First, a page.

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Seabirds as part of migratory owl diet on Southeast Farallon Island, California


Authors

KYRA L. MILLS

Oiled Wildlife Care Network, Karen C. Drayer Wildlife Health Center, 1089 Veterinary Dr. VM3B, School of Veterinary Medicine, University of California, Davis, CA 95616, USA (kyparker@ucdavis.edu)


Received 21 September 2015, accepted 9 March 2016

Date Pubished: 2016/04/15
Date Online: 2017/02/28


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Citation

MILLS, K.L. 2016. Seabirds as part of migratory owl diet on Southeast Farallon Island, California. Marine Ornithology 44: 121-126.


Key words: Athene cunicularia, invasive species, Mus musculus, Oceanodroma homochroa, Oceanodroma leucorhoa, Ptychoramphus aleuticus, Southeast Farallon Islands, Tyto alba


Abstract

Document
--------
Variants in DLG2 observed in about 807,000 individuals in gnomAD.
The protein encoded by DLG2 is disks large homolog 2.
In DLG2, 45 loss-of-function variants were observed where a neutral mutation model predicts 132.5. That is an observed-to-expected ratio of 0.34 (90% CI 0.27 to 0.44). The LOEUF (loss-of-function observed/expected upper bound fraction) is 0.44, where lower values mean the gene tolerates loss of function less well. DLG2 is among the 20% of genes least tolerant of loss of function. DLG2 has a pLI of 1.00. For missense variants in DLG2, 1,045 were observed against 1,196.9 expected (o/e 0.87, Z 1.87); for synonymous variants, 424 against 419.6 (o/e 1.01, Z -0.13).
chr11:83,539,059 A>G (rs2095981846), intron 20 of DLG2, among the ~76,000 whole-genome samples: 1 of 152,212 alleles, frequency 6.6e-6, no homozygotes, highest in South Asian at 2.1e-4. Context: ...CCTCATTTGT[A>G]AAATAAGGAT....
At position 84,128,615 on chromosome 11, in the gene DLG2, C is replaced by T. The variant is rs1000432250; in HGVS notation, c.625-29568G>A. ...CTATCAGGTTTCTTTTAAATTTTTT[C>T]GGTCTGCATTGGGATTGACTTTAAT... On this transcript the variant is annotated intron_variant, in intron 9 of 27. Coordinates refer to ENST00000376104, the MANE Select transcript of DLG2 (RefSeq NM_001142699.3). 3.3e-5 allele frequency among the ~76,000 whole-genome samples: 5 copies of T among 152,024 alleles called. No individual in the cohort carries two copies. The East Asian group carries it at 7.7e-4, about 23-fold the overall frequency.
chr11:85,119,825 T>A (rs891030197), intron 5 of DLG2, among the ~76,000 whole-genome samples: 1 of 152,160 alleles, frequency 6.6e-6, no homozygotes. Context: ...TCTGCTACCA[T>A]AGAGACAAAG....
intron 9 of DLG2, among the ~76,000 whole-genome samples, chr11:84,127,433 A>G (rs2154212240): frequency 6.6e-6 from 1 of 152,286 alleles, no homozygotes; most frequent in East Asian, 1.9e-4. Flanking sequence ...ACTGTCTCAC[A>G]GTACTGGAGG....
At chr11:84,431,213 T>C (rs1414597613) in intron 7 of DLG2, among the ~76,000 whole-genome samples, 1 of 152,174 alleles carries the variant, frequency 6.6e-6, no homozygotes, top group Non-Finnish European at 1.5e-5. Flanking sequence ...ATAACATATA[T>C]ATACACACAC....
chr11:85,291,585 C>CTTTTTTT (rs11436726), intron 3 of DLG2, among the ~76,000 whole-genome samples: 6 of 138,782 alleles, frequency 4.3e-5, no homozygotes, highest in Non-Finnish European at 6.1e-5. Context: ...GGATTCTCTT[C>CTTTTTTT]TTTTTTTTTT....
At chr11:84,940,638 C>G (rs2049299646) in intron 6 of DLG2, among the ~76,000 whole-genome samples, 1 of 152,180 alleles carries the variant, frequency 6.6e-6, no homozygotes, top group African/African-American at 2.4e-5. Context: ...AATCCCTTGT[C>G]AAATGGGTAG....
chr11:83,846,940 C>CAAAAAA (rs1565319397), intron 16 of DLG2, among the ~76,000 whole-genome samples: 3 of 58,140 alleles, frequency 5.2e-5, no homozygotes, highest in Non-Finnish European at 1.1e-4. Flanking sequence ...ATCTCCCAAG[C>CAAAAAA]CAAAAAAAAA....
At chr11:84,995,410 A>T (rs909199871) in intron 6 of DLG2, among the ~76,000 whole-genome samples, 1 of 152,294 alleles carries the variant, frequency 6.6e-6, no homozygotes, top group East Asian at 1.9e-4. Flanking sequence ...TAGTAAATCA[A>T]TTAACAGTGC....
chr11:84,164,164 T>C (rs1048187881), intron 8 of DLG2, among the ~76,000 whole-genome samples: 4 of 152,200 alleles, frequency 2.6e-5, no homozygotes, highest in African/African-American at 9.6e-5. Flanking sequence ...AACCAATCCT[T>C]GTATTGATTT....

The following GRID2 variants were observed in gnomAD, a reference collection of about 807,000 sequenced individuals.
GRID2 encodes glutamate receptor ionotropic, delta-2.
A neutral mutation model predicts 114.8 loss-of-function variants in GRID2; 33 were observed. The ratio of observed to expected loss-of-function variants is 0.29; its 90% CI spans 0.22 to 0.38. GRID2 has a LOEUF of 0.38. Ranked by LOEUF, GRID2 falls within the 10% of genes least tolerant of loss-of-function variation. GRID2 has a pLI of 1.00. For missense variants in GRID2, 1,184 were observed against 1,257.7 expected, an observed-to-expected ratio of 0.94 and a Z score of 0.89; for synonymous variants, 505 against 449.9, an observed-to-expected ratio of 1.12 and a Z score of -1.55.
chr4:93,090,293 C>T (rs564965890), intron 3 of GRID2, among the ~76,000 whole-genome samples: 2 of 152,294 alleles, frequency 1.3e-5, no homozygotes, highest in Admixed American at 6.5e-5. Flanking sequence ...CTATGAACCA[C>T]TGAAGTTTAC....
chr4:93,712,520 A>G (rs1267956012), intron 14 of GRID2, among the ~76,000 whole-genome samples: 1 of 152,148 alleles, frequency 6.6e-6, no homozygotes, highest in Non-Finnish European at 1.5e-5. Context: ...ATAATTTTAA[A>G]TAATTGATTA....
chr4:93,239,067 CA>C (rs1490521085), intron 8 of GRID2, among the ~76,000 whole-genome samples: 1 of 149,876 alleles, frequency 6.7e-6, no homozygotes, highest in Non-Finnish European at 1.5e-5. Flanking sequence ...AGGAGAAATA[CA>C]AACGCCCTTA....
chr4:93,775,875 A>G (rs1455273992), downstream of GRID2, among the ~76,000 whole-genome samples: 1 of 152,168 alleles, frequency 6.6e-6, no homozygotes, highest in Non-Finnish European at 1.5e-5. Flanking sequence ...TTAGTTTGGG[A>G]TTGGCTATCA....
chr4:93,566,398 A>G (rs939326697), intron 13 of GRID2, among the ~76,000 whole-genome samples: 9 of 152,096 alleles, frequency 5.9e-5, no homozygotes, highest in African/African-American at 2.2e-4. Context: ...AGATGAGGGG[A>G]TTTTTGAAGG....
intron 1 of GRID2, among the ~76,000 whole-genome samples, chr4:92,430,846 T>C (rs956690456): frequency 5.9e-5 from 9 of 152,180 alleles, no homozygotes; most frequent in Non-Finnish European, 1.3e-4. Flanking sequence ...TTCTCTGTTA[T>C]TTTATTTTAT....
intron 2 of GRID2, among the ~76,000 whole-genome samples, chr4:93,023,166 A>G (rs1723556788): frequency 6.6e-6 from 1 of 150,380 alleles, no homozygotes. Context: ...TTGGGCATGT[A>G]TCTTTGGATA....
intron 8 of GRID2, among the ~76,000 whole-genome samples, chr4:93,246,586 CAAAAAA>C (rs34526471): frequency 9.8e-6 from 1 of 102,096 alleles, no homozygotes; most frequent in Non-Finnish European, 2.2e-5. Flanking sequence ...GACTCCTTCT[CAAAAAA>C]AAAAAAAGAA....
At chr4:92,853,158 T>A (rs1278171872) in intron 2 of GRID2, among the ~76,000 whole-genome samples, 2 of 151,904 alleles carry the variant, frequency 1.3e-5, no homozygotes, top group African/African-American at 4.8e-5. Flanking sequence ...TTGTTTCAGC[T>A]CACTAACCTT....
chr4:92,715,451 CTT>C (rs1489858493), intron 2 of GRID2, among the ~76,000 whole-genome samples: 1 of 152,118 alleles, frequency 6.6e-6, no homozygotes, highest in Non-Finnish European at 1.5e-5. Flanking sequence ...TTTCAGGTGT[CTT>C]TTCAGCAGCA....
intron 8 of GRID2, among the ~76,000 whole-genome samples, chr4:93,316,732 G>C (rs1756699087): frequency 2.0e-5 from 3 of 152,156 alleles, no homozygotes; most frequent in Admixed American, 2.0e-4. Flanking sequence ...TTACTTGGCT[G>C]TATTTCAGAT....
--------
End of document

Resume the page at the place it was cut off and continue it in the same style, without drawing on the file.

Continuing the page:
I investigated diet of migratory owls on Southeast Farallon Island (SEFI), California, United States, including how diet changed in response to time of year and prey availability. I analyzed 523 pellets collected at SEFI from at least four different owl species during 2000-2003 (as well as 99 pellets for other time periods) and quantified the proportion of mice, insects and birds within pellets. The non-native House Mouse Mus musculus was the most abundant diet item across all four years, followed by birds and then insects. Examination of diet composition within each year revealed that between November and February owls primarily consumed mice, while they ate more birds between March and June. Between July and October, consumption of mice and birds was about equal. Previous mouse-trapping studies have shown an abundant mouse population on SEFI during autumn, when owls arrive, while winter mouse populations decrease in response to rains that flood burrows and lower food supplies. My study indicates that, as wintering owls lose a primary food source, they shift their diet from mice to other prey. Included in the shift were storm-petrels (Ashy Oceanodroma homochroa and Leach's O. leucorhoa), mostly consumed by Burrowing Owls Athene cunicularia, as well as Cassin's Auklets Ptychoramphus aleuticus, mostly consumed by Barn Owls Tyto alba. The presence of mice on SEFI may be indirectly affecting seabird populations by keeping migrating owls on the islands longer than they would stay if mice were absent.


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